Sunday, March 11, 2012

A pinch of incense: How Obamacare resembles a Roman edict

By John David Powell
Woven within the myriad histories of peoples, politics, and religions is the common crimson thread of persecution. It is a thread that is spun out of anxieties that sprout from the seeds of uncertainty, or from the fears that grow into madness when survival appears to be threatened.
At this time, in this country, lots of people and groups believe other people and groups are targeting them for persecution. Take the recent flap over whether the federal government can make the Catholic Church provide insurance coverage for benefits that are in contradiction to the official dogmas of the church. Ironically, the Catholic Church sees this as political persecution from the government while women and liberal organizations see the push-back as social and religious persecution on the part of the Catholic Church.
The events of the last few weeks remind me of the attempts by the third-century Roman emperor Decius to get Christians to make sacrifices to the gods of Rome, or at least toss in just a pinch of incense, to show their loyalty.  The years surrounding his rule was the subject of a chapter ( I contributed to the Christian History Project ( as one of several international writers and journalists working on the collection.
When put into historical context, one could make a case that the Obama Administration mandate is another attempt to get the faithful to go along with a government program by insisting that compliance is not really a violation of faith; it is just a pinch of incense and does not reflect what is in the heart.
Christianity, from its beginning, is a religion beset by persecution. The first generations of Christians faced more than government healthcare mandates. Their sufferings were great and their deaths were horrific. Emperors and villagers hunted them down and crucified them, or sewed them alive inside animal skins to be thrown to wild dogs. They covered the faithful with pitch and burned them as torches.
The first three centuries of Christianity saw the Romans trying to figure out what to do with the new religion, with emperors coming up with solutions that included a second-century form of "don't ask, don't tell", to what amounted to an imperial license to kill in Egypt where Clement, the third-century bishop of Alexandria, described daily burnings, crucifixions, and beheadings.
Christianity progressed relatively unabated between 212 and 249. Those troubles that did spring up were short-lived and limited to a city or region; therefore, few Christians of the time suffered for their belief, and even fewer had to choose between their lives and their faith. As a result, dark elements crept in like wolves among the flock. The large cities offered an unlimited buffet of temptations, seducing many Christians through pride and ambition. Even bishops succumbed to worldliness and gain.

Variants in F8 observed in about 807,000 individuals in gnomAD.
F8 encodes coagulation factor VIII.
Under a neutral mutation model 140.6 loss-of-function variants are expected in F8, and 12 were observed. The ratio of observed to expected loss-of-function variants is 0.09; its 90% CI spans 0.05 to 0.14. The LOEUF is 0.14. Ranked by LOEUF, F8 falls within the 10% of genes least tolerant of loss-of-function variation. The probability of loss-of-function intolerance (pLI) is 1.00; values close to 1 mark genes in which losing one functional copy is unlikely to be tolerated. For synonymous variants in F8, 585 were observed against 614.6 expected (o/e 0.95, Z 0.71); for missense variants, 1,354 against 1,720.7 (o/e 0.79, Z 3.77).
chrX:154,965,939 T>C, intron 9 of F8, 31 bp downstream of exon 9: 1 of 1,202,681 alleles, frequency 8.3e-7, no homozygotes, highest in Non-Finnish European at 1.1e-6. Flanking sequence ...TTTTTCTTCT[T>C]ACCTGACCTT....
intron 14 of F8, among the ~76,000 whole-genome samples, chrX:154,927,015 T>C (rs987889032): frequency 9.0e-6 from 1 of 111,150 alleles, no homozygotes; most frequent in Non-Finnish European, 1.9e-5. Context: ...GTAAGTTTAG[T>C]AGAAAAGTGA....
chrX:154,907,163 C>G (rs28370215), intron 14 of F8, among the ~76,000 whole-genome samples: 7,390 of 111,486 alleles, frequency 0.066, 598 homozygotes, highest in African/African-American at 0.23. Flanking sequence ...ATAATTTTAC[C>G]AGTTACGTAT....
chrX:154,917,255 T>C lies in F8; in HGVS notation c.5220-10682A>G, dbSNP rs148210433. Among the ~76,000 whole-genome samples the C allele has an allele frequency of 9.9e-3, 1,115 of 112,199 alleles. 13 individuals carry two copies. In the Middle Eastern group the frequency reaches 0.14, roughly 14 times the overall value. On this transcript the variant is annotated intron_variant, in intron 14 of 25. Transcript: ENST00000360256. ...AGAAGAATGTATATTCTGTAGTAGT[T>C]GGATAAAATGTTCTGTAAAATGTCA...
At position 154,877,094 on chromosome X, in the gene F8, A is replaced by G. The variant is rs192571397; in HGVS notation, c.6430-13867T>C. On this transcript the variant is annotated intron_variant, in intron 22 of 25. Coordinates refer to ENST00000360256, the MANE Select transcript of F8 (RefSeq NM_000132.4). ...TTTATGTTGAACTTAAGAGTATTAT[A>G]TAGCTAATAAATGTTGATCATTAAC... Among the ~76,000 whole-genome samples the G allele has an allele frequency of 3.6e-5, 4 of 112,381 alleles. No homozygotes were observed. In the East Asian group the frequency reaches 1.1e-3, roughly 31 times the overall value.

The bishop Cyprian of Carthage described this time as a period when Christians dishonored the image of God, when they made and broke promises lightly, when rancor and hatred ran riot. He complained that marriages between Christians and non-Christians had sprung up and had broken down the apostolic tradition, and he rebuked members of the celibate clergy for engaging in questionable relationships with unmarried women.
The Roman Empire also was in crisis by the middle of the third century, a time not unlike today with doubt about the economy and corruption in the government and among the aristocracy. A bunker mentality was in play as Romans warred against Romans, as foreigners crossed the borders, and as a religious sect from the Middle East grew and became more visible.
When Decius became emperor in 249, he set out to restore Rome to its previous glory and grandeur; religion was the means to this end. Decius was not concerned with wiping out Christians; he just wanted them to give up a little of their faith, to offer a pinch of incense, for the greater good of Rome. After all, it was reasoned, God knows what's in our hearts.
Decius's "loathsome edict" had the unintended consequence of making Christianity a crime against the empire. Anyone not complying was presumed to be a Christian and subject to the most gruesome forms of capital punishment.
Events moved swiftly and outward from Rome. Parents and children could not trust each other, particularly if they were from households where Christians and non-Christians lived together as family. The weak in conviction looked to their leaders for guidance and strength, but many members of the clergy led their people down the easy road to perdition. Some clergy paid for their proof of sacrifice with bribes, while others went into hiding. Some sacrificed only after suffering tortures.
By 251, the fires of the persecutions were failing, because not everyone shared Decius's beliefs. As months went by, the edict appealed only to the baser instincts of the eastern rabble, which is why Christians and non-Christians breathed a general sigh of relief when Rome, in the absence of the emperor who had taken to the battlefield, refused to continue the persecutions.
By the time Decius died in the marshes in the summer of 251, the remaining Church was growing in strength, and would continue to get stronger as it faced more persecutions in the years ahead.  Sadly, but inevitably, many of those persecutions came from within, from Christian leaders who would assail and abuse their own people in sincere attempts to restore the faith and protect the Church.
Regardless of who requires it, every pinch of incense has its price.
John David Powell writes his Lone Star Award-winning columns from ShadeyHill Ranch in Texas.